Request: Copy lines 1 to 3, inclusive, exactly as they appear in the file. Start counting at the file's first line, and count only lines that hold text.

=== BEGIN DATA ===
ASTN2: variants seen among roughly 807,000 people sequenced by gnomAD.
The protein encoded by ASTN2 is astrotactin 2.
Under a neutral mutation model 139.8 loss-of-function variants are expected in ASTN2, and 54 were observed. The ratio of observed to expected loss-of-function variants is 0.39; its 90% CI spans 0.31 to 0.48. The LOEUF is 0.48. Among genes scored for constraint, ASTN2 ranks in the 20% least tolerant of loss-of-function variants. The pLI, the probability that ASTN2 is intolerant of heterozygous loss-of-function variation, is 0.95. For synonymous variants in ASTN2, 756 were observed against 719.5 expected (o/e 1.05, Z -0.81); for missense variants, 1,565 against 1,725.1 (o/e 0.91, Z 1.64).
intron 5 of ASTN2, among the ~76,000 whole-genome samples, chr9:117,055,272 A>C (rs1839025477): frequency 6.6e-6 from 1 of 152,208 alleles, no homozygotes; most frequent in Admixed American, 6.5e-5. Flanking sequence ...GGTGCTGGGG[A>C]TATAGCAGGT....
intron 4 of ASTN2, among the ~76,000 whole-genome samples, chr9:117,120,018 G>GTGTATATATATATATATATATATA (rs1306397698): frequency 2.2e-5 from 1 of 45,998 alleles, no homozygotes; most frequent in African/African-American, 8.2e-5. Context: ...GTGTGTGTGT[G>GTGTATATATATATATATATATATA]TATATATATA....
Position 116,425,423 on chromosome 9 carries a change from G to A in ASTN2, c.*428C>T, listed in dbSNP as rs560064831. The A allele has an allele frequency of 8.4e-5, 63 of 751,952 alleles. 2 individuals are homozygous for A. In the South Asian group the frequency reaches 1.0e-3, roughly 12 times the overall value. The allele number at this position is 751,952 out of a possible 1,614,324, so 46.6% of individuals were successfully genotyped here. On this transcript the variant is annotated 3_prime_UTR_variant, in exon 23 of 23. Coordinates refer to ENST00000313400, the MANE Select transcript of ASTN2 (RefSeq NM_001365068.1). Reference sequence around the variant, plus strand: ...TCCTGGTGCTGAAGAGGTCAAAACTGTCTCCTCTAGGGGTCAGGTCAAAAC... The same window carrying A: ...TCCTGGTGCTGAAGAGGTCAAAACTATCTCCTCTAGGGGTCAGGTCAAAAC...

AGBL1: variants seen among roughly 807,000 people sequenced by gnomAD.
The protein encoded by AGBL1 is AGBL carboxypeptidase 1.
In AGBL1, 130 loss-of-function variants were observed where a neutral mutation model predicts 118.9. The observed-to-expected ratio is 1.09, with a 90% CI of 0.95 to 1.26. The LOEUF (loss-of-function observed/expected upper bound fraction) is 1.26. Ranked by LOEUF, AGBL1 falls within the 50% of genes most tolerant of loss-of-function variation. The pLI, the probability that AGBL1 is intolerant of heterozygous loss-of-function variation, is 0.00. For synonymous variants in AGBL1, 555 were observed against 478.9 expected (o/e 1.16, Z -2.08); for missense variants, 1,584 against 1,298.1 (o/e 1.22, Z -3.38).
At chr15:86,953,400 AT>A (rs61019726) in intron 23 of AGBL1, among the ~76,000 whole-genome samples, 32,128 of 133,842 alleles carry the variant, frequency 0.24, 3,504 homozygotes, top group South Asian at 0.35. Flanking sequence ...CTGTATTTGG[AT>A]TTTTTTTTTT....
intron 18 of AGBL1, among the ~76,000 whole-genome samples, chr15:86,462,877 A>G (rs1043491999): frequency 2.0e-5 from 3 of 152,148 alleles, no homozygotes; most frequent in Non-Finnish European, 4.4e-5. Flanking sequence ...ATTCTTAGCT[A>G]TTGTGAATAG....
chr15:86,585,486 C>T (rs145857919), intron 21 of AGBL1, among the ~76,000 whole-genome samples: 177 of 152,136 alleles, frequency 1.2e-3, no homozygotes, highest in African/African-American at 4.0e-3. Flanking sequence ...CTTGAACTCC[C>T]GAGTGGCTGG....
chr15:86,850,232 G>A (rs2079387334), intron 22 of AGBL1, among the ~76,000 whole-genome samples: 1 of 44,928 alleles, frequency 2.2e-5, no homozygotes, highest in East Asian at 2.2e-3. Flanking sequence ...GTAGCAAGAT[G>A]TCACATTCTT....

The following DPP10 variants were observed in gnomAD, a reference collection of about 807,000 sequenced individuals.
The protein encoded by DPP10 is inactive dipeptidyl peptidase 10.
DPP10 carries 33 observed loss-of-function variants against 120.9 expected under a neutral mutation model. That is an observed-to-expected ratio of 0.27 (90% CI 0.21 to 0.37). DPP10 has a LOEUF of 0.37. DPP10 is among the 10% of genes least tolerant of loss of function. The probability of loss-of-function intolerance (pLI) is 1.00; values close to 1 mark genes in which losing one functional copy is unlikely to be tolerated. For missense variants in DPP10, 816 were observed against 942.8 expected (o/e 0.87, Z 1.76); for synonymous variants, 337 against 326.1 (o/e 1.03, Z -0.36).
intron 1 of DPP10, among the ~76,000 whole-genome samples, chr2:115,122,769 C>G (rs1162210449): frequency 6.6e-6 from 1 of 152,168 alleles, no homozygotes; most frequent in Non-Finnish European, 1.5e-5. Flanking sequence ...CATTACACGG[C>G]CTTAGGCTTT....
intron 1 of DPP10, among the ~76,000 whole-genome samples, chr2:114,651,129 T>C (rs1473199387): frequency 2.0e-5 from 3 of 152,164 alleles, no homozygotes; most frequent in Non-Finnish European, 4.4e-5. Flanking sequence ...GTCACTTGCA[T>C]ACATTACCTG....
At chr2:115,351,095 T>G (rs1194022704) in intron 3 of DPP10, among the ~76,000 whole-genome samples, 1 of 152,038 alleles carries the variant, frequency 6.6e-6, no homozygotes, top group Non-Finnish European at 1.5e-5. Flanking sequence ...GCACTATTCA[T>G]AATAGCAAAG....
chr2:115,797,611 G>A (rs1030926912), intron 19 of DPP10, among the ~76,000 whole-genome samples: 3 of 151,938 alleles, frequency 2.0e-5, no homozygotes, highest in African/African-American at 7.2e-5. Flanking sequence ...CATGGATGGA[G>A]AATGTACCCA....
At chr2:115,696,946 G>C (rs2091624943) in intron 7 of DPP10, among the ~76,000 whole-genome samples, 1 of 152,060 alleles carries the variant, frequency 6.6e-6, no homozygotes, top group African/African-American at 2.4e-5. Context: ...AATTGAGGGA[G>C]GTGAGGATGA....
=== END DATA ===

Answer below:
ASTN2: variants seen among roughly 807,000 people sequenced by gnomAD.
The protein encoded by ASTN2 is astrotactin 2.
Under a neutral mutation model 139.8 loss-of-function variants are expected in ASTN2, and 54 were observed. The ratio of observed to expected loss-of-function variants is 0.39; its 90% CI spans 0.31 to 0.48. The LOEUF is 0.48. Among genes scored for constraint, ASTN2 ranks in the 20% least tolerant of loss-of-function variants. The pLI, the probability that ASTN2 is intolerant of heterozygous loss-of-function variation, is 0.95. For synonymous variants in ASTN2, 756 were observed against 719.5 expected (o/e 1.05, Z -0.81); for missense variants, 1,565 against 1,725.1 (o/e 0.91, Z 1.64).